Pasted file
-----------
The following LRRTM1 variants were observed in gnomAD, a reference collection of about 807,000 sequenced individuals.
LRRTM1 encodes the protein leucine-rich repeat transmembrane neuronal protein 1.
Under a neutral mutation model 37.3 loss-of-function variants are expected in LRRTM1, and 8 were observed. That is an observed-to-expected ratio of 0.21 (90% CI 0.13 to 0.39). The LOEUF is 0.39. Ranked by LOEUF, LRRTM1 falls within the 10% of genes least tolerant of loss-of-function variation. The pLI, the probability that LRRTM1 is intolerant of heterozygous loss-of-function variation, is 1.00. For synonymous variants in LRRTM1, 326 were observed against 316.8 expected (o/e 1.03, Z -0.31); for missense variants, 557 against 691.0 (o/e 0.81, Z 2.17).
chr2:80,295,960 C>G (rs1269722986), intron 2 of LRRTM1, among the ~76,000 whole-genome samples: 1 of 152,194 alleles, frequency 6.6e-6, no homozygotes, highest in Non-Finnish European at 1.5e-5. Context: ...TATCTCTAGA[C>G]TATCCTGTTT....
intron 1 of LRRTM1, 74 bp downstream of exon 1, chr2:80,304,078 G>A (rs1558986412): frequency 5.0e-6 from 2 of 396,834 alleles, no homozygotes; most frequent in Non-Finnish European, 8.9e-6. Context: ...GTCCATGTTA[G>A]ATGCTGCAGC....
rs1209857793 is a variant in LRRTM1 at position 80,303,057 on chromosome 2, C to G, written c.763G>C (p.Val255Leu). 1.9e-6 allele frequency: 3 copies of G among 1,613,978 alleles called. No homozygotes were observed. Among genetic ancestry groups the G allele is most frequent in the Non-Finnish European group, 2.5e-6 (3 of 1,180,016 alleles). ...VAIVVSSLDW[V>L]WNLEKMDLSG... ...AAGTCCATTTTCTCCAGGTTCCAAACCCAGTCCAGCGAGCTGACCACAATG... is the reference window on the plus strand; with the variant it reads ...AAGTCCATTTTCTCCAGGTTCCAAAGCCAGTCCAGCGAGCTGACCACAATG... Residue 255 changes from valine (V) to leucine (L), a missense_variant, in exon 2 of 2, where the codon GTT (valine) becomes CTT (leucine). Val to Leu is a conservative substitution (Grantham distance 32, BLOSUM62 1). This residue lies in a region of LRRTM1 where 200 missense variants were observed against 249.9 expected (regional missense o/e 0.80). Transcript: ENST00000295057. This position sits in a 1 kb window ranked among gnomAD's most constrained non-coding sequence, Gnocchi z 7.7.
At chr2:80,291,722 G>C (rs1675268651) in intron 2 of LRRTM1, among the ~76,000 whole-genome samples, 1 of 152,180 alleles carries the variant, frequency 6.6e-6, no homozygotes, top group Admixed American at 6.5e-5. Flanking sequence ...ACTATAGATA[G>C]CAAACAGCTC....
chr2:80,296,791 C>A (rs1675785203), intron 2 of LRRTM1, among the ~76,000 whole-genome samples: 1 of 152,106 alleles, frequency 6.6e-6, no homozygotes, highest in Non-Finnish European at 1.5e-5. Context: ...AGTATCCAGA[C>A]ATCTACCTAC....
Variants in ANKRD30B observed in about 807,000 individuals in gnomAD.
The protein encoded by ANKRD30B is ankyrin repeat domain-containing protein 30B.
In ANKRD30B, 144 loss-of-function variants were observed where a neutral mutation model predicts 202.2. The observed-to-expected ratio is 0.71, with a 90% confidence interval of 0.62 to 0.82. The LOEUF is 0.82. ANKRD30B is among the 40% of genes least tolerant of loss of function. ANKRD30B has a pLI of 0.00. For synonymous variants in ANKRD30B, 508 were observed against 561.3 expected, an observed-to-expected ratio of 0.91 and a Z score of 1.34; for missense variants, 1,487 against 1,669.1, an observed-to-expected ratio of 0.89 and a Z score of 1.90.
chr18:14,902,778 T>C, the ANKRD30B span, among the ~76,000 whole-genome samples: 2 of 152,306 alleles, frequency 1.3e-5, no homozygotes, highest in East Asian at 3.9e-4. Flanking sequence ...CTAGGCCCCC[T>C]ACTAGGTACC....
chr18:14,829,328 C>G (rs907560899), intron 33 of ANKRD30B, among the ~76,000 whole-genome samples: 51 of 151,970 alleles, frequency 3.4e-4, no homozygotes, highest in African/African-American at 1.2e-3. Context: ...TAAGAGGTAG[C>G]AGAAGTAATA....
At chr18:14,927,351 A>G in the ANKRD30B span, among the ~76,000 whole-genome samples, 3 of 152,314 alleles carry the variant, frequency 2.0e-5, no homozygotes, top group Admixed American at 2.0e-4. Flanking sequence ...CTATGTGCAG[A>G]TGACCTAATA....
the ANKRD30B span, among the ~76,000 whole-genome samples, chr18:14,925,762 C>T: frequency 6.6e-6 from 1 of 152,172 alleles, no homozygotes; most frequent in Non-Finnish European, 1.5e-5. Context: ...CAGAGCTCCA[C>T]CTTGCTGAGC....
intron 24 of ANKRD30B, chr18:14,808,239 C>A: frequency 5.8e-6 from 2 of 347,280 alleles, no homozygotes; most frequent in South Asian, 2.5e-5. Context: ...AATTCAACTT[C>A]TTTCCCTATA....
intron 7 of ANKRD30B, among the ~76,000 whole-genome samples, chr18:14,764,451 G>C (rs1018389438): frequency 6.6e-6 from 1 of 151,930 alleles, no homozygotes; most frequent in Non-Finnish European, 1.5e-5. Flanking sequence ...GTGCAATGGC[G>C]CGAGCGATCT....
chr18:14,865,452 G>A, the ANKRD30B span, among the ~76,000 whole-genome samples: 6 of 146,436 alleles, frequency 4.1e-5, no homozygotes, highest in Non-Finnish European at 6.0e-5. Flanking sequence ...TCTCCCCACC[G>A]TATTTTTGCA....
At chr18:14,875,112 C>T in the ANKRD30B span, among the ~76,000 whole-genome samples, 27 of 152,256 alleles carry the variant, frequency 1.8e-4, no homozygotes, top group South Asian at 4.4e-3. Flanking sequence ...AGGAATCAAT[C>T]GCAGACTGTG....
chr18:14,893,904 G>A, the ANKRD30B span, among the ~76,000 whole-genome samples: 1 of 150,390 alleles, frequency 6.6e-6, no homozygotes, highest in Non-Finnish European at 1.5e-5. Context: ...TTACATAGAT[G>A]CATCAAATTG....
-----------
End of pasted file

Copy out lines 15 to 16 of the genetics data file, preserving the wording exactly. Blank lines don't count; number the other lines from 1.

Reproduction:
the ANKRD30B span, among the ~76,000 whole-genome samples, chr18:14,925,762 C>T: frequency 6.6e-6 from 1 of 152,172 alleles, no homozygotes; most frequent in Non-Finnish European, 1.5e-5. Context: ...CAGAGCTCCA[C>T]CTTGCTGAGC....
intron 24 of ANKRD30B, chr18:14,808,239 C>A: frequency 5.8e-6 from 2 of 347,280 alleles, no homozygotes; most frequent in South Asian, 2.5e-5. Context: ...AATTCAACTT[C>A]TTTCCCTATA....